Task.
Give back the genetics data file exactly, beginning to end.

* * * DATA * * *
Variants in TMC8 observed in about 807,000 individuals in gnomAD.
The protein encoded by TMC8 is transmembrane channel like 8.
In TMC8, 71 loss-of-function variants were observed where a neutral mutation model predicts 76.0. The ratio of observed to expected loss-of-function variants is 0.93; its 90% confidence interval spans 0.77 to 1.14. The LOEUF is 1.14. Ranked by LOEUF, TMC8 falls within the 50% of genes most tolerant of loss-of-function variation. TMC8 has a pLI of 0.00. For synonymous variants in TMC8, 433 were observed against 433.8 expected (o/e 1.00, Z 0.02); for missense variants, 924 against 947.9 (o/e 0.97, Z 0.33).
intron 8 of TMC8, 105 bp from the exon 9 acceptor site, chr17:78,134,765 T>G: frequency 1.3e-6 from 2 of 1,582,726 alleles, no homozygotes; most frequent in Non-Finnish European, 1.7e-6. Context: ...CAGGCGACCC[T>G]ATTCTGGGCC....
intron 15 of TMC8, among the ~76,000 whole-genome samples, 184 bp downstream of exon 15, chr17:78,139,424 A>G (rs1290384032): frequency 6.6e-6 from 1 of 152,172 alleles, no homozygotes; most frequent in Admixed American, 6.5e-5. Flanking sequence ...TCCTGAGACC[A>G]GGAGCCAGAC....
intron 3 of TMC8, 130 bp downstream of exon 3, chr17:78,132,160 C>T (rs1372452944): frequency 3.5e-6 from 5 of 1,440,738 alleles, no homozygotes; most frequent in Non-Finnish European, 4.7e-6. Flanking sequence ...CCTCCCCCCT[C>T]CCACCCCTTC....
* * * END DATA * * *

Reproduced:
Variants in TMC8 observed in about 807,000 individuals in gnomAD.
The protein encoded by TMC8 is transmembrane channel like 8.
In TMC8, 71 loss-of-function variants were observed where a neutral mutation model predicts 76.0. The ratio of observed to expected loss-of-function variants is 0.93; its 90% confidence interval spans 0.77 to 1.14. The LOEUF is 1.14. Ranked by LOEUF, TMC8 falls within the 50% of genes most tolerant of loss-of-function variation. TMC8 has a pLI of 0.00. For synonymous variants in TMC8, 433 were observed against 433.8 expected (o/e 1.00, Z 0.02); for missense variants, 924 against 947.9 (o/e 0.97, Z 0.33).
intron 8 of TMC8, 105 bp from the exon 9 acceptor site, chr17:78,134,765 T>G: frequency 1.3e-6 from 2 of 1,582,726 alleles, no homozygotes; most frequent in Non-Finnish European, 1.7e-6. Context: ...CAGGCGACCC[T>G]ATTCTGGGCC....
intron 15 of TMC8, among the ~76,000 whole-genome samples, 184 bp downstream of exon 15, chr17:78,139,424 A>G (rs1290384032): frequency 6.6e-6 from 1 of 152,172 alleles, no homozygotes; most frequent in Admixed American, 6.5e-5. Flanking sequence ...TCCTGAGACC[A>G]GGAGCCAGAC....
intron 3 of TMC8, 130 bp downstream of exon 3, chr17:78,132,160 C>T (rs1372452944): frequency 3.5e-6 from 5 of 1,440,738 alleles, no homozygotes; most frequent in Non-Finnish European, 4.7e-6. Flanking sequence ...CCTCCCCCCT[C>T]CCACCCCTTC....